AMNH-Bard Research Fellowship in Museum Anthropology

The Bard Graduate Center (BGC) and the American Museum of Natural History (AMNH) support a postdoctoral fellowship devoted to exploring, on a rotating basis, different parts
of the AMNH Anthropology Division's vast ethnographic holdings. A major purpose of the Bard Graduate Center-AMNH Fellowship is to promote mutual scholarly interest and interaction among our fellows, faculty, and students, and the broader Richard Gilder Graduate School-AMNH academic community.

Basketry Helmet (Hat) with Crest of Hair Naga, Upper Chindwin, Burma Bamboo, rattan, orchid skin, goat’s hair, pigment, plant fiber cord 13 x 6 3/8 x

Basketry Helmet (Hat) with Crest of Hair Naga, Upper Chindwin, Burma Bamboo, rattan, orchid skin, goat’s hair, pigment, plant fiber cord 13 x 6 3/8 x 10 1/4 in. (33 x 16 x 26 cm) Collected by the Vernay-Hopwood Chindwin Expedition in 1935 American Museum of Natural History 70.0/6374

Applicants must hold a PhD in Anthropology or a related field.

For each fellowship cycle, a new Anthropology theme will be announced for which applicants may apply. The project will make use of the AMNH Anthropology collections and will involve both teaching and mounting an exhibit.

All applications and questions should be directed to BGC. Housing is a possibility and there is a stipend. 

Current theme and current fellow:

The current BGC-AMNH fellowship project focuses on a specific area of material culture: Southeast Asian textiles, including textiles from Myanmar, Thailand, Malaysia, Indonesia, Vietnam, Cambodia, Laos, Singapore, Brunei, East Timor, Philippines. Past areas of specialization have included the indigenous cultures of the Pacific Northwest, Oceania, South American textiles, and Australian Aboriginal cultures.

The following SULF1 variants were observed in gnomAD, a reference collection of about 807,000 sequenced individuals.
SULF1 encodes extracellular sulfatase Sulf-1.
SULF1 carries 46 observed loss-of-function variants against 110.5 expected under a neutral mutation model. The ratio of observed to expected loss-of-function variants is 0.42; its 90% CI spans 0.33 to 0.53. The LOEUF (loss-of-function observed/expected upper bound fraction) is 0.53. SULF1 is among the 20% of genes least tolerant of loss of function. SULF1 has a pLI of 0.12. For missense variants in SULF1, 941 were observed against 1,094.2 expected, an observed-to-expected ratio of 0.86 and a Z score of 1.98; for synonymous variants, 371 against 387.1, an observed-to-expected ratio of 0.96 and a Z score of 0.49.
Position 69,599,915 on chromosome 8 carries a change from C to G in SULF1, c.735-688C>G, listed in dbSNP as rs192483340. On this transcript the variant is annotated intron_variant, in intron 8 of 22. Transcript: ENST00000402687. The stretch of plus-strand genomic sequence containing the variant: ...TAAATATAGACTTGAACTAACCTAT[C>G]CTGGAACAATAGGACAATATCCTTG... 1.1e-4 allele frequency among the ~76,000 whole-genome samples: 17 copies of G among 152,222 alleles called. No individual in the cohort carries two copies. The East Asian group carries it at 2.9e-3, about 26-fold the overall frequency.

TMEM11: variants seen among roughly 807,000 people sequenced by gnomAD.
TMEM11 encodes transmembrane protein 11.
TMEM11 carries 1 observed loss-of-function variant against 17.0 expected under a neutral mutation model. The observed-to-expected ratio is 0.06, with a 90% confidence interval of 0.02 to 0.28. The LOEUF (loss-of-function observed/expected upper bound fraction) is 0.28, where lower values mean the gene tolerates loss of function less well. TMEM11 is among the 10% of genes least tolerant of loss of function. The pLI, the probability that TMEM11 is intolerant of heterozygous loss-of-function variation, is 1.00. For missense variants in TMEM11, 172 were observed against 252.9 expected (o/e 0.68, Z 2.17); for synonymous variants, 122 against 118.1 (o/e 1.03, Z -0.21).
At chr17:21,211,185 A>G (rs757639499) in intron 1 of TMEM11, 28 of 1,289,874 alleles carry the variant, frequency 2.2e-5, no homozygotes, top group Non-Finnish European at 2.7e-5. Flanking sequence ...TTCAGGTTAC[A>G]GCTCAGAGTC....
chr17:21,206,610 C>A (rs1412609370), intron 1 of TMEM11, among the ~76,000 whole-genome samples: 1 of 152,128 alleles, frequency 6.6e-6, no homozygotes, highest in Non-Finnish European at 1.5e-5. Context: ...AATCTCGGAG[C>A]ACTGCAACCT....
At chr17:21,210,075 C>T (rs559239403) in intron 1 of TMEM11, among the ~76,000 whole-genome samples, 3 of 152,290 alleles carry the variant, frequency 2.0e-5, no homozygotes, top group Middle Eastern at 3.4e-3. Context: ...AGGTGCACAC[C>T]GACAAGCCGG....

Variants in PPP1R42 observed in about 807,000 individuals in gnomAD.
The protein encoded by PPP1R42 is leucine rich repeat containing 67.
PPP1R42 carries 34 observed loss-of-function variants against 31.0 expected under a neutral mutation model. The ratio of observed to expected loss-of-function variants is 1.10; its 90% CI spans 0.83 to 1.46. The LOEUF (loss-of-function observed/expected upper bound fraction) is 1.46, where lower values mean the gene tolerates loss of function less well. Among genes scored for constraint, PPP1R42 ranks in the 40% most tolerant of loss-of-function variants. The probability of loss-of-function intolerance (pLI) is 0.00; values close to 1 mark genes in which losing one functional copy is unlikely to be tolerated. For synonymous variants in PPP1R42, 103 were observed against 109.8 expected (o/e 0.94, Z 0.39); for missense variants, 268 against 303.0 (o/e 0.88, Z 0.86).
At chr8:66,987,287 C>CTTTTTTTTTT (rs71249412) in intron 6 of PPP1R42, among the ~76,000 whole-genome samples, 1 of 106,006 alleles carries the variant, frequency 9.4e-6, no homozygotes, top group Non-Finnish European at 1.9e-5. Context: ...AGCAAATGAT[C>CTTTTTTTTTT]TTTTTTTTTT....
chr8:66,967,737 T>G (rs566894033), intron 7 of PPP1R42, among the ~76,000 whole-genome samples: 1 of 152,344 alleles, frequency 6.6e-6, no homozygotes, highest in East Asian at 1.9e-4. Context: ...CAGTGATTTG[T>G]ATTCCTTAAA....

Urmila Mohan (Fall 2016–Summer 2018)


PhD, University College London
MFA, Pennsylvania State University
BA, Victoria University of Wellington
BFA, National Institute of Design

Research statement: My research involves a knowledge of South and Southeast Asia, a theoretical foundation in the study of material and visual culture, and an intimate knowledge of how materials work based on experience as an artist and ethnographer. My background in art, design, and anthropology has provided me with an applied knowledge of praxis and sensoriality. My doctoral dissertation dealt with cloth and clothing as materiality and sociality in a contemporary Hindu group. I discussed how techniques of embellishment and draping that were produced in one region traveled to other parts of the world to create a transnational identity. My BGC-AMNH postdoctoral project explores how cloth and clothing, collected by anthropologists Margaret Mead and Gregory Bateson in Bali, Indonesia, in the 1930s, act as embodied means of transformation and power through their symbolic, aesthetic, and praxeological value. I have organized conferences and panels on the use of materials and visual imagery in relation to diverse issues such as ornament, nationalism, and subjectivation. I am a founder and editor of the Material Religions blog and am currently editing a journal special issue on religious materiality. Recent publications include “Dressing God: Clothing as Material of Religious Subjectivity in a Hindu Group” in The Social Life of Materials: Studies in Materials and Society (2015). My teaching philosophy draws on a cross-disciplinary approach across the social sciences and arts and humanities.

Past BGC-AMNH fellows include:

Shawn C. Rowlands (Fall 2014–Summer 2016)
Focus Project Exhibition: Frontier Shores: Collection, Entanglement, and the Manufacture of Identity in OceaniaApril 22–September 18, 2016

Nicola Sharratt (Fall 2012–Summer 2014)
Focus Project Exhibition: Carrying Coca: 1,500 Years of Andean Chuspas, April 11–August 3, 2014

Erin Hasinoff  (Fall 2010–Summer 2012)
Focus Project Exhibition: Confluences: An American Expedition to Northern Burma, 1935, April 4–August 4, 2013

Aaron J. Glass  (Fall 2008–Summer 2010)
Focus Project Exhibition: Objects of Exchange: Social and Material Transformation on the Late Nineteenth-Century Northwest Coast, January 26–April 17, 2011